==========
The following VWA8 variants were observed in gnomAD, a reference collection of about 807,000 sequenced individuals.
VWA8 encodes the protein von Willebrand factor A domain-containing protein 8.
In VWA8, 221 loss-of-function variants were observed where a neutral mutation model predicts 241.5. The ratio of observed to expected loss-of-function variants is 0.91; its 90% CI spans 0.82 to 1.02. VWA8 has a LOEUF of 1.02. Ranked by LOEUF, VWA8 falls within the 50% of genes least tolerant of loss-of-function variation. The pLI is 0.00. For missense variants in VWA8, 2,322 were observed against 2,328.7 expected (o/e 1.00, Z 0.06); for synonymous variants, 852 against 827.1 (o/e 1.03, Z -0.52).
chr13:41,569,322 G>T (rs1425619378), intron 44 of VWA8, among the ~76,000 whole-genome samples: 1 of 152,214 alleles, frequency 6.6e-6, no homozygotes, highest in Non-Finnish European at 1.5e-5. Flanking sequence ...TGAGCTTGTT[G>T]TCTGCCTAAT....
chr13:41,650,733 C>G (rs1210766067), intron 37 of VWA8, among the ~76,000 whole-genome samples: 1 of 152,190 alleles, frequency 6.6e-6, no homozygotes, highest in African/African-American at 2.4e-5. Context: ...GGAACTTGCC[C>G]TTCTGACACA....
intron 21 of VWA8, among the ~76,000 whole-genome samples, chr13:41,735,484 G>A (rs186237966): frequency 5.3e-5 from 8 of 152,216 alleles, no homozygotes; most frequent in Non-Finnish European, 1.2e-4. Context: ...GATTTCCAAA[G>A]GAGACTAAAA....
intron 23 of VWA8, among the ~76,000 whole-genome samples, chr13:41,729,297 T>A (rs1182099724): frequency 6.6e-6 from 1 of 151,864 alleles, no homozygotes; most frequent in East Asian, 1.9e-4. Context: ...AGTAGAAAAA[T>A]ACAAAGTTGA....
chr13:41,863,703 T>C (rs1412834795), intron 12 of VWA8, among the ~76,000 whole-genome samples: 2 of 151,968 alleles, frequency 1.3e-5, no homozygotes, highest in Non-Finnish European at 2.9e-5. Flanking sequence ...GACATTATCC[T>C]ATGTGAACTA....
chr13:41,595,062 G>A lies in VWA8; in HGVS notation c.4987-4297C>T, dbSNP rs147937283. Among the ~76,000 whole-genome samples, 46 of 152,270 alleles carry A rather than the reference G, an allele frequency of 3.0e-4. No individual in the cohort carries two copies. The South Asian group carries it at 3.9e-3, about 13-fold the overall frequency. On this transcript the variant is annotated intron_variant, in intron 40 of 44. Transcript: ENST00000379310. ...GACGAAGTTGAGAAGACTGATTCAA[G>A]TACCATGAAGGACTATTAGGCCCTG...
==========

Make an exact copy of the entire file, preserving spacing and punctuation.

The following VWA8 variants were observed in gnomAD, a reference collection of about 807,000 sequenced individuals.
VWA8 encodes the protein von Willebrand factor A domain-containing protein 8.
In VWA8, 221 loss-of-function variants were observed where a neutral mutation model predicts 241.5. The ratio of observed to expected loss-of-function variants is 0.91; its 90% CI spans 0.82 to 1.02. VWA8 has a LOEUF of 1.02. Ranked by LOEUF, VWA8 falls within the 50% of genes least tolerant of loss-of-function variation. The pLI is 0.00. For missense variants in VWA8, 2,322 were observed against 2,328.7 expected (o/e 1.00, Z 0.06); for synonymous variants, 852 against 827.1 (o/e 1.03, Z -0.52).
chr13:41,569,322 G>T (rs1425619378), intron 44 of VWA8, among the ~76,000 whole-genome samples: 1 of 152,214 alleles, frequency 6.6e-6, no homozygotes, highest in Non-Finnish European at 1.5e-5. Flanking sequence ...TGAGCTTGTT[G>T]TCTGCCTAAT....
chr13:41,650,733 C>G (rs1210766067), intron 37 of VWA8, among the ~76,000 whole-genome samples: 1 of 152,190 alleles, frequency 6.6e-6, no homozygotes, highest in African/African-American at 2.4e-5. Context: ...GGAACTTGCC[C>G]TTCTGACACA....
intron 21 of VWA8, among the ~76,000 whole-genome samples, chr13:41,735,484 G>A (rs186237966): frequency 5.3e-5 from 8 of 152,216 alleles, no homozygotes; most frequent in Non-Finnish European, 1.2e-4. Context: ...GATTTCCAAA[G>A]GAGACTAAAA....
intron 23 of VWA8, among the ~76,000 whole-genome samples, chr13:41,729,297 T>A (rs1182099724): frequency 6.6e-6 from 1 of 151,864 alleles, no homozygotes; most frequent in East Asian, 1.9e-4. Context: ...AGTAGAAAAA[T>A]ACAAAGTTGA....
chr13:41,863,703 T>C (rs1412834795), intron 12 of VWA8, among the ~76,000 whole-genome samples: 2 of 151,968 alleles, frequency 1.3e-5, no homozygotes, highest in Non-Finnish European at 2.9e-5. Flanking sequence ...GACATTATCC[T>C]ATGTGAACTA....
chr13:41,595,062 G>A lies in VWA8; in HGVS notation c.4987-4297C>T, dbSNP rs147937283. Among the ~76,000 whole-genome samples, 46 of 152,270 alleles carry A rather than the reference G, an allele frequency of 3.0e-4. No individual in the cohort carries two copies. The South Asian group carries it at 3.9e-3, about 13-fold the overall frequency. On this transcript the variant is annotated intron_variant, in intron 40 of 44. Transcript: ENST00000379310. ...GACGAAGTTGAGAAGACTGATTCAA[G>A]TACCATGAAGGACTATTAGGCCCTG...